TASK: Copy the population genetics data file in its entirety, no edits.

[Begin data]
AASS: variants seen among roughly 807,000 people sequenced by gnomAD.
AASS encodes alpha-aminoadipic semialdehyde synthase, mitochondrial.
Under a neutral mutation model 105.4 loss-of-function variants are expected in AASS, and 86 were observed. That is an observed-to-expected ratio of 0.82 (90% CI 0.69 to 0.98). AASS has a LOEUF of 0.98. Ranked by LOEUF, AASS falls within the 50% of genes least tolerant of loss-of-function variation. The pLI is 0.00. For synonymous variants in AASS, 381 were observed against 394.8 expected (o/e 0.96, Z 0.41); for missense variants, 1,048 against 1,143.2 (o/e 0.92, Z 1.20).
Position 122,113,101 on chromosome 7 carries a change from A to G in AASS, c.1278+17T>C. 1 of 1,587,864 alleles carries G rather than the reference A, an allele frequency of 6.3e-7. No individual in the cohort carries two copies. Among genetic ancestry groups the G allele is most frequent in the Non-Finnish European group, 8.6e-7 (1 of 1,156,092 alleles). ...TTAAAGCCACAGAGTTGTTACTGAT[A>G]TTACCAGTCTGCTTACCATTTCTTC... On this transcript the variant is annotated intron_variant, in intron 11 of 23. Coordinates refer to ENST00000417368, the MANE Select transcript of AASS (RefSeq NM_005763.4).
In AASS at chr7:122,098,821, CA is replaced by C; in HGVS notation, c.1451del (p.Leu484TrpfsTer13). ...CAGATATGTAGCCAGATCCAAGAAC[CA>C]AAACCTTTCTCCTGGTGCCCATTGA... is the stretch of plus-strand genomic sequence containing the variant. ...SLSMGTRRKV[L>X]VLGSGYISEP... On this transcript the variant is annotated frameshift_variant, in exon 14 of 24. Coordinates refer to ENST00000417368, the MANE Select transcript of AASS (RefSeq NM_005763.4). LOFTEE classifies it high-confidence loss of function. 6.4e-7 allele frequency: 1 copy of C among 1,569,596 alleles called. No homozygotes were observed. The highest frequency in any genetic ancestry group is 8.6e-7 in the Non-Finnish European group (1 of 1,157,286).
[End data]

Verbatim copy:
AASS: variants seen among roughly 807,000 people sequenced by gnomAD.
AASS encodes alpha-aminoadipic semialdehyde synthase, mitochondrial.
Under a neutral mutation model 105.4 loss-of-function variants are expected in AASS, and 86 were observed. That is an observed-to-expected ratio of 0.82 (90% CI 0.69 to 0.98). AASS has a LOEUF of 0.98. Ranked by LOEUF, AASS falls within the 50% of genes least tolerant of loss-of-function variation. The pLI is 0.00. For synonymous variants in AASS, 381 were observed against 394.8 expected (o/e 0.96, Z 0.41); for missense variants, 1,048 against 1,143.2 (o/e 0.92, Z 1.20).
Position 122,113,101 on chromosome 7 carries a change from A to G in AASS, c.1278+17T>C. 1 of 1,587,864 alleles carries G rather than the reference A, an allele frequency of 6.3e-7. No individual in the cohort carries two copies. Among genetic ancestry groups the G allele is most frequent in the Non-Finnish European group, 8.6e-7 (1 of 1,156,092 alleles). ...TTAAAGCCACAGAGTTGTTACTGAT[A>G]TTACCAGTCTGCTTACCATTTCTTC... On this transcript the variant is annotated intron_variant, in intron 11 of 23. Coordinates refer to ENST00000417368, the MANE Select transcript of AASS (RefSeq NM_005763.4).
In AASS at chr7:122,098,821, CA is replaced by C; in HGVS notation, c.1451del (p.Leu484TrpfsTer13). ...CAGATATGTAGCCAGATCCAAGAAC[CA>C]AAACCTTTCTCCTGGTGCCCATTGA... is the stretch of plus-strand genomic sequence containing the variant. ...SLSMGTRRKV[L>X]VLGSGYISEP... On this transcript the variant is annotated frameshift_variant, in exon 14 of 24. Coordinates refer to ENST00000417368, the MANE Select transcript of AASS (RefSeq NM_005763.4). LOFTEE classifies it high-confidence loss of function. 6.4e-7 allele frequency: 1 copy of C among 1,569,596 alleles called. No homozygotes were observed. The highest frequency in any genetic ancestry group is 8.6e-7 in the Non-Finnish European group (1 of 1,157,286).